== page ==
Thomas Cook (LSE: TCG) had yet another shocker in July, its share price slipping 58% during the course of the month. On this occasion, though, it wasn’t the release of chilling trading data which encouraged investors to rush for the exits. Instead, news of a major refinancing plan caused the travel operator to sink to its cheapest since first listing back in 2007.
Thomas Cook’s started off August on the front foot, however. Indeed, it’s up a mighty 30% as I type in Friday business. Could this be the start of a stunning recovery?
Shares have flown in recent days as news of a much-needed cash injection from a significant Turkish investor has emerged. Neset Kockar, founder of holiday colossus Anex Tourism Group, secured a 6.71% stake in Thomas Cook on Wednesday before going shopping again yesterday. As it stands Kockar holds an 8.01% stake in the British business.
It’s not just that investors are celebrating the critical boost for Thomas Cook’s battered balance sheet. The £750m liquidity injection from its lenders and Chinese travel titan Fosun which was proposed last month would only give it sufficient liquidity to trade over the winter season.
In an internal e-mail seen by Bloomberg today, Kockar said that he believes the small-cap “has more value and potential than what is being discussed recently, particularly with the skillset and complementary capabilities Anex Tour shall put forward.”
Anex is a major player across Russian and Central and Eastern European travel markets, and investors are hoping it’ll bring some of its magic to Thomas Cook.
Flying high, or ready to crash?
Is it finally time to buy back into the UK operator? Not in my book. While the Anex and Fosun investments have put Thomas Cook on a safer financial footing, as well as bolstering the brain trust over at the business, I’m not convinced either will prove little more than a temporary sticking plaster.
Cutthroat competition among the holiday providers continues to play havoc across the sector and the number of casualties continues to grow. Just today, Malvern Group — owner of booking website LateRooms.com and operator of Superbreak Mini-Holidays — announced it had collapsed into administration. And earlier this week, Ryanair advised further fare-cutting had caused pre-tax profits to sink 21% in the three months to June.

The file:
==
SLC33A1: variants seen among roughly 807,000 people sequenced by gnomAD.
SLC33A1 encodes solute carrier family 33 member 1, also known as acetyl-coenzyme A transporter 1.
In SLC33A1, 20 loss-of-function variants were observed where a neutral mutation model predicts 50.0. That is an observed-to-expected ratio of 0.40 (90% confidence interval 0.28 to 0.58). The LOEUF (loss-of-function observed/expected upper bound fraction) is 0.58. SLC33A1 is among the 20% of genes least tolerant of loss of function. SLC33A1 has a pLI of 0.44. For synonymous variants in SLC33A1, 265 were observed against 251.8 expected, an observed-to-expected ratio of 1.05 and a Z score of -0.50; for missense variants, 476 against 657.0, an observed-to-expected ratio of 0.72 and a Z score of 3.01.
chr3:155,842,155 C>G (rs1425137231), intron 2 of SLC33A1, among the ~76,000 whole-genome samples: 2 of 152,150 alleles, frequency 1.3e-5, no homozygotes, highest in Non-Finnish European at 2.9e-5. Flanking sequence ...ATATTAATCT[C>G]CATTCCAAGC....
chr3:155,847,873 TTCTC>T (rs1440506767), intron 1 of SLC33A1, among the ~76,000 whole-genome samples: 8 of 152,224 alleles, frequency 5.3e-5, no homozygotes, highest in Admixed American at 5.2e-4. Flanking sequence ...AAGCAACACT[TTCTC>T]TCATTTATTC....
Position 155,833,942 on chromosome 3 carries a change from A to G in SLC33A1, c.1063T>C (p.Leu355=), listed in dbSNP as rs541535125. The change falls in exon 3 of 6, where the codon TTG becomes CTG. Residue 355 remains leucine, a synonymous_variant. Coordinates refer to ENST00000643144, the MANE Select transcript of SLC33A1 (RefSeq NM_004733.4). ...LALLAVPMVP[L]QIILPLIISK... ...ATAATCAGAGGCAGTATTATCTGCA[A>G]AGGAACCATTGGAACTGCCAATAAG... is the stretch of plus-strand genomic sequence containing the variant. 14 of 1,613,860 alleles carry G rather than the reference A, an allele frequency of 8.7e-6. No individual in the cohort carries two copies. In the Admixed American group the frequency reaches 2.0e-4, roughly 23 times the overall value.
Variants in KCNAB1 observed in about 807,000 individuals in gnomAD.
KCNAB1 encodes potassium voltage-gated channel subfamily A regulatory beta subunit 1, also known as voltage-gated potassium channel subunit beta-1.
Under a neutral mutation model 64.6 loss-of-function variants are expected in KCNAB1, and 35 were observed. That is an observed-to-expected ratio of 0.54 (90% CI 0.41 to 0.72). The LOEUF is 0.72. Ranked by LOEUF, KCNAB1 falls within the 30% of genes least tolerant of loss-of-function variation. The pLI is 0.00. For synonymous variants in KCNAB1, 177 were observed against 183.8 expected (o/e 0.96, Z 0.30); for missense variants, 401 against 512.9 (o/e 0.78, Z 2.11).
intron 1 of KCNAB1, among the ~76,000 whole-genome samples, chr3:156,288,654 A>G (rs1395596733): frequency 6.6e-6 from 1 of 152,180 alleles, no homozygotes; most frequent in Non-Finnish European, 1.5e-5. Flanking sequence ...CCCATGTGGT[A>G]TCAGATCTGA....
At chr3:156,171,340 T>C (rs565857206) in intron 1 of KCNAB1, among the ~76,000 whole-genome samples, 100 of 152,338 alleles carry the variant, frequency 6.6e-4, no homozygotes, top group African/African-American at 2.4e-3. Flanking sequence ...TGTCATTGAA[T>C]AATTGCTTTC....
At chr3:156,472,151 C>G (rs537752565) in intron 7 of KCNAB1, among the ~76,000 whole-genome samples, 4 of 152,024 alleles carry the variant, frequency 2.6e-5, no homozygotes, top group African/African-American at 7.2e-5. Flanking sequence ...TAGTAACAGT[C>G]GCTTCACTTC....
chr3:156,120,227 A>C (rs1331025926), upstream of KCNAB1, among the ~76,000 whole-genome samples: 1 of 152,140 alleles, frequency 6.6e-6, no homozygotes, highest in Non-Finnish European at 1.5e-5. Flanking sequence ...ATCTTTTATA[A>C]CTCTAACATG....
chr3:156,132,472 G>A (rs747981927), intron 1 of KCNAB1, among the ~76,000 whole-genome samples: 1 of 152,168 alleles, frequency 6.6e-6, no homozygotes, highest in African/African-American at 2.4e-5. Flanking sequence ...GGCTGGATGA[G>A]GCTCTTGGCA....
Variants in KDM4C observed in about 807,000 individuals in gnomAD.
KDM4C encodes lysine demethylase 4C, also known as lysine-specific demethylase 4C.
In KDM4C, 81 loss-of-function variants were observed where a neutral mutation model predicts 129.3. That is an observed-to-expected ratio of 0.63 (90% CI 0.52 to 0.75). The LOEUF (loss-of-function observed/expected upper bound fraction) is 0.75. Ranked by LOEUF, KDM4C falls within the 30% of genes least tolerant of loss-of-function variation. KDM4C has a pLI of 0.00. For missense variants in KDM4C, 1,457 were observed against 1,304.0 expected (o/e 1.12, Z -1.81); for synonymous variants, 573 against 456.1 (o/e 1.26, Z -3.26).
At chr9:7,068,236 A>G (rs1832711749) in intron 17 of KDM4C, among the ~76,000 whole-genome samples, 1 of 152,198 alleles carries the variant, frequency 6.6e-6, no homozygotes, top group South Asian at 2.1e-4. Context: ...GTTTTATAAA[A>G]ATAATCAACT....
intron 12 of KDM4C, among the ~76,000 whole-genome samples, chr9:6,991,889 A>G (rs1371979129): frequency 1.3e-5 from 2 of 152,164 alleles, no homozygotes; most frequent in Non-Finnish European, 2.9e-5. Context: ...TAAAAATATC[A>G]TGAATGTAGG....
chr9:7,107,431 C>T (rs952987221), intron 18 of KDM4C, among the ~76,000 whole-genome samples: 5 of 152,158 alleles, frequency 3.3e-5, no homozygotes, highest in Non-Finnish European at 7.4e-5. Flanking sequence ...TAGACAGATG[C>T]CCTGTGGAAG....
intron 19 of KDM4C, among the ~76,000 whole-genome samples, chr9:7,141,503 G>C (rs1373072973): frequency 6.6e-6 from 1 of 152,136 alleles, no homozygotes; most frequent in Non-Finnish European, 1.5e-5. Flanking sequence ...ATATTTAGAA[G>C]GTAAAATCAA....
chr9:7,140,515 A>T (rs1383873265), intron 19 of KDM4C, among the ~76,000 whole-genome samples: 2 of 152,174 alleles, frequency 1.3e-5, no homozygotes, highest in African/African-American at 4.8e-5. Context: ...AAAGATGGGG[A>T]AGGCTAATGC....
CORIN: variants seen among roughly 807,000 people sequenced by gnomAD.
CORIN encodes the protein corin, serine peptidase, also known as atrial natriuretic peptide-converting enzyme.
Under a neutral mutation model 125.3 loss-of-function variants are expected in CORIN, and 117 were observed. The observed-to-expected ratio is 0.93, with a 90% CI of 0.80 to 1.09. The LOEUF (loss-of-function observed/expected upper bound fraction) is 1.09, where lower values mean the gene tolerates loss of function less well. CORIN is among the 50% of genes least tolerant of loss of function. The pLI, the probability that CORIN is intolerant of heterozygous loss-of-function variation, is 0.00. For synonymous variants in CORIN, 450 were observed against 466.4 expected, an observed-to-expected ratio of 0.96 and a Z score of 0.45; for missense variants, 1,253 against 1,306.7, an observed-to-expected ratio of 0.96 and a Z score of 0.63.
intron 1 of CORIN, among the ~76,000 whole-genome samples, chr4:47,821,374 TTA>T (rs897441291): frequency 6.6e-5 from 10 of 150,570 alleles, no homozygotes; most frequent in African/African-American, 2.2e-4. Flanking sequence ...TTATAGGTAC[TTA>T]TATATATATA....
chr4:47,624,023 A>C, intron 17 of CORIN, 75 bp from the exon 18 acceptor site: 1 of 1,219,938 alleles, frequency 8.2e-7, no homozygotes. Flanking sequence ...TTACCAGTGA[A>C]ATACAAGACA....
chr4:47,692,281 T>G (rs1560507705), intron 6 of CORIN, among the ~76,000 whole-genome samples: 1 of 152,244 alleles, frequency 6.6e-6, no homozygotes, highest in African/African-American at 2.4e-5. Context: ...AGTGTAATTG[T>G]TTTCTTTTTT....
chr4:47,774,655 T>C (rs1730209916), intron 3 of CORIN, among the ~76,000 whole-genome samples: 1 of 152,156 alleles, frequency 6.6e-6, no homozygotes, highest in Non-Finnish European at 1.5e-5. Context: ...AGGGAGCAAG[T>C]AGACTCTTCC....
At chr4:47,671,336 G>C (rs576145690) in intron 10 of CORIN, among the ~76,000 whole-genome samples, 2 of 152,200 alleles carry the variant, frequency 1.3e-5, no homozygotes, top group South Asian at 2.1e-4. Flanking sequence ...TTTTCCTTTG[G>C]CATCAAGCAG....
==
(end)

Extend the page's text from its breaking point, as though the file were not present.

This fight to the bottom isn’t the only factor threatening to keep revenues at Thomas Cook in the doldrums. I’m speaking, of course, about a prolonged downturn in broader consumer spending due to uncertainty over Brexit.
Besides, under that refinancing package announced last month, Thomas Cook plans to convert “a significant amount of the group’s external bank and bond debt” into equity. Even if its lenders agree to such a proposal the move will considerably dilute the holdings of its existing shareholders.
While Thomas Cook’s forward P/E multiple around 12 times might make it cheap on paper, I think the risks to investors remains far too considerable. For that reason, I’m happy to keep avoiding it.
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Royston Wild has no position in any of the shares mentioned. The Motley Fool UK has no position in any of the shares mentioned. Views expressed on the companies mentioned in this article are those of the writer and therefore may differ from the official recommendations we make in our subscription services such as Share Advisor, Hidden Winners and Pro. Here at The Motley Fool we believe that considering a diverse range of insights makes us better investors.
Motley Fool UK 2019